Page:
So now we do dot-to-dot and it’s not hard to see that a Plan B is forming. Emirates, the airline company, is a subsidiary of The Emirates Group owned by the Government of Dubai’s Investment Corporation of Dubai. It has been a long-time supporter of Team New Zealand as it makes investments for the very long term on the back of petro-dollars and a desire by the regime to legitimise itself globally and try to shift away from oil revenues in preparation for that day, that is fast arriving, when the carbon economy ends. They’ve done it with everything from art to sports to business and are creating a playground of pleasure, a modern-day cultural utopia. Hosting a Cup in the United Arab Emirates would do just nicely, thank you very much.
And then there’s the deal with the Chinese, with Team New Zealand bringing onboard the China Sports Industry Group who principally, according to Bloomberg, “are involved in the development and sales of property, construction and operation of sports stadiums and sports facilities. ” So if the Royal New Zealand Yacht Squadron and Emirates Team New Zealand won the Cup and decided the 1.4 billion people market of China was a deal worth pursuing, then the China Sports Industry Group could probably rustle up ten bases in, let’s say, a couple of months. They could probably also throw in a satellite RNZYS clubhouse, a vast media centre and a Cup village in less time than it takes to apply for a New Zealand, UK or Italian government grant. It’s compelling. And they’d more than likely support two or three home teams and the sponsorship opportunities to access mainland China would be compelling enough to attract a whole host of corporates to the party.
Plus the photos would be utterly stunning…
But don’t label this just on Team New Zealand. If the Brits or Italians won, they will be having exactly the same discussions. Jim Ratcliffe is keen on the Cup becoming Formula 1 on water – I would argue that it already is from a technical standpoint – but it doesn’t have the travelling circus and global reach that he would like to see. Could we see an America’s Cup global series? In more straitened times, yes. But now, probably not. And for Prada, an event in the Middle East or Asia would be perfect. Europe is a tiny market in comparison. A creative epicentre yes, but the real money is in those countries with a youthful demographic that spends on fashion.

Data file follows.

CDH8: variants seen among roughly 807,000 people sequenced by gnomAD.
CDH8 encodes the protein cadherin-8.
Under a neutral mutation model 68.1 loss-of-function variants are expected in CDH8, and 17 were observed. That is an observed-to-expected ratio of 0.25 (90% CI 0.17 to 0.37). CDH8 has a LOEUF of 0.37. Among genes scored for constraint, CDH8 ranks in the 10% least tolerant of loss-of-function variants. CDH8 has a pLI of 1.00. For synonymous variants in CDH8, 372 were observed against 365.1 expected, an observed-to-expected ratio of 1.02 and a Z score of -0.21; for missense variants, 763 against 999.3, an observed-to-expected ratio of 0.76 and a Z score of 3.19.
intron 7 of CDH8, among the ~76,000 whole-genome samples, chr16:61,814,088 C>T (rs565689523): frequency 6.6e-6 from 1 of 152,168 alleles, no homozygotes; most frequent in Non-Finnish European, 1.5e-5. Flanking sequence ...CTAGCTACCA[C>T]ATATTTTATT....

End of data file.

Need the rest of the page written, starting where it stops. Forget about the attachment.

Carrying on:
Commercially, and rather sadly, it makes sense for the event to travel from New Zealand for the next Cup cycle, gutting as that is to the Kiwi supporters. Whether it goes to Abu Dhabi, Dubai, Shanghai, Qingdao or wherever in the world that offers the most exposure, the most money or the best facilities, it’s a hard pill to swallow for New Zealand. It’s a kick in teeth for a country that has shone the America’s Cup light so, so bright for so long and set the standards at such impossible levels. But I’ve said it before, and I’ll say it again: money doesn’t talk, it screams.
With the America’s Cup, it’s the old Mark Twain quote that says it all: “It ain’t what you don’t know that gets you into trouble. It’s what you know for sure that just ain’t so.” And I have a feeling that we are on the precipice of going into a new era where nothing will ever be the same again. The billionaires are at their most mischievous but there’s a grand plan evolving and it will become searingly obvious as the final curtain goes down at the end of this regatta.
The clues are all there. Just join the dots.